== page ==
Presence of Mind: Piercing the myth of redemptive violence
“I knew the situation was serious. I was shaking all over. But I was amazed by the complexity of my mind — the most clear part was just the speed and agility of my mind. I immediately began talking to him in a calm voice and engaged in eye contact. But he was not in his eyes. He was in his own world — pointing a gun at me.”Excellent stuff. And there's more where that came from...
Is this a good time to address the big lie? You know, the lie about our stark, raving helplessness in the face of armed danger and malevolence? Fortress Gun Nut has the whole country hostage to the big lie that a safe America is an armed America, and yet as our stockpile of weaponry, domestic and otherwise, increases, so does our fearfulness, and so does the danger.
And the heroes are often indistinguishable from the perps. We’re all heroes in our own minds. We all watch the movies and imbibe the whack ’n’ win culture. We all learn that real justice must be delivered at the point of a sword that is terrible and swift.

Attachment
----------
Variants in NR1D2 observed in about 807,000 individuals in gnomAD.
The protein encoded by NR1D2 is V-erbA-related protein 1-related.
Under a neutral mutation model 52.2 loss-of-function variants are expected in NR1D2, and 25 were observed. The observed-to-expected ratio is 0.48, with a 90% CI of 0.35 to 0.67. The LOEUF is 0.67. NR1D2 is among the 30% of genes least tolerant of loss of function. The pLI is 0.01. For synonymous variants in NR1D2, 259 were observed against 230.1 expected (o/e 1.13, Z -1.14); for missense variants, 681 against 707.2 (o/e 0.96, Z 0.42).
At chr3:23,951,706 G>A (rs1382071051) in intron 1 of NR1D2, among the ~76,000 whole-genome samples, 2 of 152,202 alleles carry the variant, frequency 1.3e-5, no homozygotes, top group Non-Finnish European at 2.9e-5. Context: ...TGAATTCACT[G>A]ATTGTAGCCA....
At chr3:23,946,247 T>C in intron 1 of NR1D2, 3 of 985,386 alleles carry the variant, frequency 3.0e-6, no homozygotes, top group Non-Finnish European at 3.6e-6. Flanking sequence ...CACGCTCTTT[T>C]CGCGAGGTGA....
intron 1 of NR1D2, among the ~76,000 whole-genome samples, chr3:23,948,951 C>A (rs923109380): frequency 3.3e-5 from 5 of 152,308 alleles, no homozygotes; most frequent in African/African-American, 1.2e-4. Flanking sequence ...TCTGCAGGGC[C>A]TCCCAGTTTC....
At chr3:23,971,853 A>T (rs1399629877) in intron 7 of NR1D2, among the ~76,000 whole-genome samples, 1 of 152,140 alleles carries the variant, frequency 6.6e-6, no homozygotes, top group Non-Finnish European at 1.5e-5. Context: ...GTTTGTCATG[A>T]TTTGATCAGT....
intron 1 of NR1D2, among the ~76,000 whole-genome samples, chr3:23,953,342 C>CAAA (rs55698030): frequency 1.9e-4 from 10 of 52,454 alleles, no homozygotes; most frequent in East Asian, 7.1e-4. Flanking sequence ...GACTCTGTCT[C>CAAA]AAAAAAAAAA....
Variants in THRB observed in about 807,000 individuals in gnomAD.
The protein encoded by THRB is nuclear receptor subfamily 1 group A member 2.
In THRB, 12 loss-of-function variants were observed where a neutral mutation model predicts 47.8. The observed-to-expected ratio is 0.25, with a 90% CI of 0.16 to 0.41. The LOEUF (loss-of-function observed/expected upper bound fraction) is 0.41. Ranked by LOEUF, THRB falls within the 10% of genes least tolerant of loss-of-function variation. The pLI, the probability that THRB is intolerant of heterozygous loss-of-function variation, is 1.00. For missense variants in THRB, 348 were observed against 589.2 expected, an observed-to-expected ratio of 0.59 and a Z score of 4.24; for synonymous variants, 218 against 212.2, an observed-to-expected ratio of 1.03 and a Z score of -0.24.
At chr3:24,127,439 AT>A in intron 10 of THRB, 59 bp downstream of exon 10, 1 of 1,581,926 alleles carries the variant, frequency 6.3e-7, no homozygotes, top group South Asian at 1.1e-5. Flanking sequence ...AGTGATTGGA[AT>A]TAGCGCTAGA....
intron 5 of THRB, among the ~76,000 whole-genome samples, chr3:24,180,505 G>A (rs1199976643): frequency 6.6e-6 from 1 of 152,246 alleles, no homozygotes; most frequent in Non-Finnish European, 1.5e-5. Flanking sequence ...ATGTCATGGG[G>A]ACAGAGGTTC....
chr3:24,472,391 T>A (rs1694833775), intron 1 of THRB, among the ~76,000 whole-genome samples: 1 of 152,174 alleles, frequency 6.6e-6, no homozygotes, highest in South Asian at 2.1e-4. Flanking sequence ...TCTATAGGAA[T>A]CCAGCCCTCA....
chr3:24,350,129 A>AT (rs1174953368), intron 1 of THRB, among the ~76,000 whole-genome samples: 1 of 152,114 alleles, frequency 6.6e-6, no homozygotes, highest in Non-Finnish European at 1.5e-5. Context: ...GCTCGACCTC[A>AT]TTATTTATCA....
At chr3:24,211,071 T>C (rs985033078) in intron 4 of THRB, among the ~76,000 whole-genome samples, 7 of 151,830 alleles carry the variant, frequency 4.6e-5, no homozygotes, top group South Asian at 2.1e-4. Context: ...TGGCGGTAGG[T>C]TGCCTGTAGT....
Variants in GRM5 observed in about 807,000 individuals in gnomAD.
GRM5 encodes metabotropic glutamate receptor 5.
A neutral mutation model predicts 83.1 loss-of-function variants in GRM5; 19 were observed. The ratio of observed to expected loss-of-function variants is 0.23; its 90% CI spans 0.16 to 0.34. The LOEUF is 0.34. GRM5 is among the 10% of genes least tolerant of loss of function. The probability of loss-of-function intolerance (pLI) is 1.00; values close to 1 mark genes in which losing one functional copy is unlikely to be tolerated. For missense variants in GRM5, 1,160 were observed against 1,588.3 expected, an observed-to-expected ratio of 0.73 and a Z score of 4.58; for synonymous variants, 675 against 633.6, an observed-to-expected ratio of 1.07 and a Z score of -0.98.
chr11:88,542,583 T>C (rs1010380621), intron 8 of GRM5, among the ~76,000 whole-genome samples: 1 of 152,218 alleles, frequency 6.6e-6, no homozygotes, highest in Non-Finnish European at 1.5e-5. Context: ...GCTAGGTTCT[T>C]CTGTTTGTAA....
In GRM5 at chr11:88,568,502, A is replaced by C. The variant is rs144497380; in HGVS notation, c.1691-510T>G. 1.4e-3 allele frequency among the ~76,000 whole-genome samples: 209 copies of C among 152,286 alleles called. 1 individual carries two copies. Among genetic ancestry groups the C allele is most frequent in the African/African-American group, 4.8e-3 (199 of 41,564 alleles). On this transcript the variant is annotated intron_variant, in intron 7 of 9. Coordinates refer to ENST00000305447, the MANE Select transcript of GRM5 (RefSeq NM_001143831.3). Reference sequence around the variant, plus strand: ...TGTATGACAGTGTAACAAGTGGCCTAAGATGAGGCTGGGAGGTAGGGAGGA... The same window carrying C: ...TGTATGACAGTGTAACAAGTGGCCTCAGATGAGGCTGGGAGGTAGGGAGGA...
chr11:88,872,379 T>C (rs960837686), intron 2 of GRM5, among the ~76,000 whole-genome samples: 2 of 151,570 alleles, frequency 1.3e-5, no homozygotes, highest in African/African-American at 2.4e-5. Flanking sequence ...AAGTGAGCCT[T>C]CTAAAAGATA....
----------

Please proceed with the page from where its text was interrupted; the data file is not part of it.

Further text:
Christian theologian Walter Wink calls it the myth of redemptive violence, this self-evident conviction — as old as Mesopotamia, as current as the Saturday morning cartoons — that violence is effective and free of unwanted consequences. Six millennia of evidence to the contrary hasn’t changed anything because myth is impervious to empirical data. It’s born anew with every war, every special-effects extravaganza from Hollywood, every loner’s sad plot for revenge. And so many people profit from it.